We'll see if the pride still beats within the Celtics, especially their Big Three, the trio of veterans who know their championship clock is ticking. In this series, Ray Allen made eight shots from 3-point range in Game 2, and Paul Pierce outdueled Kobe Bryant in Game 5 to bring a 3-2 series lead to L.A., and Kevin Garnett finally sprung a youthful leak over two games in Boston. But they haven't always been on a high level at the same time. Does that change, here at the summit, when the Celtics need it most?

"They have a locker room full of guys who've had phenomenal careers," said Derek Fisher, "and I think they'll recognize this is a moment you sometimes never see in your career."

And mostly, we'll see Kobe Bryant, the game's best player, in a Finals Game 7, first time in his four-championship career. Kobe has scored 30 or more points three times in this series, but his finest performances came in losses. Meaning, while he certainly hasn't tried to save his best for last, it could happen. Better happen, for the Lakers' sake. Your dream Game 7 scenario: Close game, two minutes left, Kobe's eyes narrow and lips tighten.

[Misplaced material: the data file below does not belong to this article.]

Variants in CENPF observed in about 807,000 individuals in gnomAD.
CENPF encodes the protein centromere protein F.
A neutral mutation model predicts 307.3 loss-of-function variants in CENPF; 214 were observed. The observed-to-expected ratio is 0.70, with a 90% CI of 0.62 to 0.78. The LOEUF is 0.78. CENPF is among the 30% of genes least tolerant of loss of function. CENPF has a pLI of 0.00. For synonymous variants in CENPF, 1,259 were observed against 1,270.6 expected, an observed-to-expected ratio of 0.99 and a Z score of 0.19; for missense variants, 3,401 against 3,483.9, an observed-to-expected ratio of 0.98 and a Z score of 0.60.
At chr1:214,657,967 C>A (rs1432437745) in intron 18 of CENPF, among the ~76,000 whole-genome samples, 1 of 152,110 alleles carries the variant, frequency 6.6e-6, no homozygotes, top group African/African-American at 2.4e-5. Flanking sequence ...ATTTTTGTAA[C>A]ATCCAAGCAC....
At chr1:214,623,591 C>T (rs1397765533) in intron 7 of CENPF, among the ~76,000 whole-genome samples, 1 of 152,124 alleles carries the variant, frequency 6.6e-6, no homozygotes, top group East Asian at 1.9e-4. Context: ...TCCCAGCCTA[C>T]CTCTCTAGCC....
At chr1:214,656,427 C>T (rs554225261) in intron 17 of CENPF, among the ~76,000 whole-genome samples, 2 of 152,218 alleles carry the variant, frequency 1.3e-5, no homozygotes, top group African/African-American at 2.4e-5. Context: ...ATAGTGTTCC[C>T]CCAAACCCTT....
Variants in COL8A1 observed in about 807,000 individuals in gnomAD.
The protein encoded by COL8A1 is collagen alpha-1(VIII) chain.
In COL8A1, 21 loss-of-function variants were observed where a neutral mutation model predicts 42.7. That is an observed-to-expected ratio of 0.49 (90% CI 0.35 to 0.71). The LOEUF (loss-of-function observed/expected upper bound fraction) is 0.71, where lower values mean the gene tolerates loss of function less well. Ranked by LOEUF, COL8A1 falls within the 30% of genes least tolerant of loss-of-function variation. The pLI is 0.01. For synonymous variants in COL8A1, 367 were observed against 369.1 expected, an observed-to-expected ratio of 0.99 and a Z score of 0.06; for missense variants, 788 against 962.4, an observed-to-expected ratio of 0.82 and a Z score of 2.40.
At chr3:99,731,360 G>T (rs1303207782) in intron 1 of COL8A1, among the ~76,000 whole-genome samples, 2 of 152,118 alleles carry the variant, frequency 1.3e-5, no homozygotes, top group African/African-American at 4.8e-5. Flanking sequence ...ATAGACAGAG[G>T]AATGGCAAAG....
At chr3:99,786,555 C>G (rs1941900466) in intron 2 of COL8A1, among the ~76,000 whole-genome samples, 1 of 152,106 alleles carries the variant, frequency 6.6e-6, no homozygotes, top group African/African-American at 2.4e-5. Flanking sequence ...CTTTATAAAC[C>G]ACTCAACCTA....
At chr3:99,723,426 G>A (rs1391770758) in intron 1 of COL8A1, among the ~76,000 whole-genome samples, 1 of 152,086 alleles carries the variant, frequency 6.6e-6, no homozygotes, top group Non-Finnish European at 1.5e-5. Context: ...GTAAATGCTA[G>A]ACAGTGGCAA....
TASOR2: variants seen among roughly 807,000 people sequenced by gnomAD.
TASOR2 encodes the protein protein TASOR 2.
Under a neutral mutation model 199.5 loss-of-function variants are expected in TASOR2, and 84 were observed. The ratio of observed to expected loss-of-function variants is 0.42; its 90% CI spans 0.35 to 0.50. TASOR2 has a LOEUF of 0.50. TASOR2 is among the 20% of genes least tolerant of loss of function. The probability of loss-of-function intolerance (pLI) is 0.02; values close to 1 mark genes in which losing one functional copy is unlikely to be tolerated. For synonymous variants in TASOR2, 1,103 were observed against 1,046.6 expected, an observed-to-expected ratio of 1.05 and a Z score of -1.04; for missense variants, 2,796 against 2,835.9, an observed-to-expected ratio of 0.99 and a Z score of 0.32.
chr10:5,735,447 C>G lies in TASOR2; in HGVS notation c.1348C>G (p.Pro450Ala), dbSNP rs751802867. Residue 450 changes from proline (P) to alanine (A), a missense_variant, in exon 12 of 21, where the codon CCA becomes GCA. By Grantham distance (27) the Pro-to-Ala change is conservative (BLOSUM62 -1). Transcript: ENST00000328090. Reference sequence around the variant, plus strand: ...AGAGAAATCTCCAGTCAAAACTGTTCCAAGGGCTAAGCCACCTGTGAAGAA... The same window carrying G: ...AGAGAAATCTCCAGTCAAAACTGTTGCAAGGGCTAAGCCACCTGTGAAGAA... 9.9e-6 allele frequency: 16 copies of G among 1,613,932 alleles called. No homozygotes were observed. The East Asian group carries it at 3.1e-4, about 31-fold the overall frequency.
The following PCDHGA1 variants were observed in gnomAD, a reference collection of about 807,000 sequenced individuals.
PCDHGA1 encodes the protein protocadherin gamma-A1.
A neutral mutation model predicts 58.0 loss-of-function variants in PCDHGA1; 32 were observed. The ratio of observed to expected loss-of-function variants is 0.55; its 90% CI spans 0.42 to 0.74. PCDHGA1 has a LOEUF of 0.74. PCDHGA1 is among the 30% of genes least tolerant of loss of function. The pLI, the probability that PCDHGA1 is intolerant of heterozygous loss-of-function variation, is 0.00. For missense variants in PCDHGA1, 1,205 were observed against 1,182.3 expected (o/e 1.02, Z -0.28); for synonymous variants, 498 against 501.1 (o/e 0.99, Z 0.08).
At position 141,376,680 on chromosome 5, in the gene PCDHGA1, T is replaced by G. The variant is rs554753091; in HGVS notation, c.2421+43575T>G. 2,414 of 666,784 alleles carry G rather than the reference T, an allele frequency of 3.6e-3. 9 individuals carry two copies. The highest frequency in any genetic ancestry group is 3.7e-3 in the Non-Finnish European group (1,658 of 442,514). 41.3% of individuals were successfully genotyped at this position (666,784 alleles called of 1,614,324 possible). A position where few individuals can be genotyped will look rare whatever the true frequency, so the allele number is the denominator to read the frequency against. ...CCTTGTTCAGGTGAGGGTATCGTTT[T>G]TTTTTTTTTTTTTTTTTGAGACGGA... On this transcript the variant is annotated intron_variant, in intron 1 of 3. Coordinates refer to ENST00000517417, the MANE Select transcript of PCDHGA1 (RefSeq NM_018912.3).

This is the only rightful conclusion for these storied franchises, looking to extend their glory in this, basketball's bitter and beautiful rivalry. Really, what could be better? The Lakers have won 10 championships since moving to Los Angeles. The Celtics 17. Both teams have won the last two years. This is only the third time in 21 years that a Game 7 was necessary in the Finals. But the Lakers and Celtics share four of them all told, with the Celtics sweeping, most recently in 1984, the height of the NBA's Golden Age.